The EU agrees to amend directives on lead and diisocyanates in the workplace.

UM – 11/2023

On 14 November, the negotiators from the European Parliament and the Council reached a provisional agreement on the directive regarding the limit values for lead and its inorganic compounds as well as those for diisocyanates. The agreement is a positive signal for safety in the workplace. However, both the Parliament and the Council still have to formally adopt the agreement.

Lower limits for lead

The new regulations are intended to provide better protection with regard to the health of employees. The workplace maximum allowable concentrations for lead will be reduced to 0.03 mg/m3 air and the biological limit value to 15 µg/100 ml blood. In addition to a two-year implementation period, a transitional period of three years is planned for the latter value and the limit value will be set at 30 µg/100 ml during this period. Those affected from being exposed to lead in their workplaces for years should undergo regular medical monitoring. Female employees of childbearing age should be better protected.

Limit values for diisocyanates for the first time

Limit values for diisocyanates will be introduced at EU level for the first time. The general workplace maximum allowable concentrations will be set at 6 µg NCO/m3 (the maximum concentration to which a worker can be exposed during an eight-hour working day) and at 12 µg NCO/m3 for short-term exposure, i.e. for a period of 15 minutes. After formal adoption, the member states have two years to implement the directive's provisions in their national laws. The EC also has until 2029 to review the limit values stipulated in the directive.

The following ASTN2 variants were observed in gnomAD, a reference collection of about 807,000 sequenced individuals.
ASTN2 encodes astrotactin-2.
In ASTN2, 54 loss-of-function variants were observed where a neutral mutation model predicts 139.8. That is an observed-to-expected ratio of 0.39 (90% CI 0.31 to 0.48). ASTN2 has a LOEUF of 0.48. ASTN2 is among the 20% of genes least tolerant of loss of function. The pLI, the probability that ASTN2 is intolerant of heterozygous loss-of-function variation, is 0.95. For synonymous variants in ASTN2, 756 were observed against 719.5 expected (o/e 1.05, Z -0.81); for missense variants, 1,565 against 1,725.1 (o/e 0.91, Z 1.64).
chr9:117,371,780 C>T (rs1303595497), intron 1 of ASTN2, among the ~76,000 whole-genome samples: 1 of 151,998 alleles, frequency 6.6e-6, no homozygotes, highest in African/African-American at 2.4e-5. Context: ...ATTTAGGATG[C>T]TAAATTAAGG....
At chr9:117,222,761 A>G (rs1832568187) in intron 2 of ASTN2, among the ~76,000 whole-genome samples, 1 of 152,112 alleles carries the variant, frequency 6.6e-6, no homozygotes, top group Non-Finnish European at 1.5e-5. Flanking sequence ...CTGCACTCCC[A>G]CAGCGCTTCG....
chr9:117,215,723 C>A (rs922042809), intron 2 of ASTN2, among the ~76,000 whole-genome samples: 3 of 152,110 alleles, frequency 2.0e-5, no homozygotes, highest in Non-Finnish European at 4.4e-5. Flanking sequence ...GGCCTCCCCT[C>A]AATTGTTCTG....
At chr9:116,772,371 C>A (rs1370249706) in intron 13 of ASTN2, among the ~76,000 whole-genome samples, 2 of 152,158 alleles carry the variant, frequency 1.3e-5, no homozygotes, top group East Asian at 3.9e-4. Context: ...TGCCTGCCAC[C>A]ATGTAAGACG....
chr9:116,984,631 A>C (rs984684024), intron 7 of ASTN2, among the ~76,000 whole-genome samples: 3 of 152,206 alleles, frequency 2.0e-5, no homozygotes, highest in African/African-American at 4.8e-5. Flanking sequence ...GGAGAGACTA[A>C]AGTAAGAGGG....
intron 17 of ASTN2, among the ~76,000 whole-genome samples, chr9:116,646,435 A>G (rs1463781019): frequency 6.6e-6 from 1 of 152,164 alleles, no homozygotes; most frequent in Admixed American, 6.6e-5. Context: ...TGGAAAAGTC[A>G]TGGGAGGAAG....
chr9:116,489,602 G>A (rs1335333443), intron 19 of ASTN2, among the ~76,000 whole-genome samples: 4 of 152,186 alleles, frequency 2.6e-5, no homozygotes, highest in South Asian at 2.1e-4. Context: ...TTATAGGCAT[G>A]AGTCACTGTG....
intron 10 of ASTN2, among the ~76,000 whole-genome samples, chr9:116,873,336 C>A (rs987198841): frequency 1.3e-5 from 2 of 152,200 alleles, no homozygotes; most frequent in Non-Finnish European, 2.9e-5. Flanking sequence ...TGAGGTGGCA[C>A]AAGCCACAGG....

DSV opinion

Due to its direct relevance for statutory accident insurance, the DSV has been involved in the progress of the political agreement process throughout the legislative procedure. In its statement, it welcomed the lowering of the limit values for lead and the introduction of limit values for diisocyanates. However, due to the remaining risks, additional protective and hygiene measures remain important. In addition, when raising the level of protection for workers, sufficient time should be allowed to ensure that the new limit values can also be technically monitored in practice. The compromise reached also takes this into account.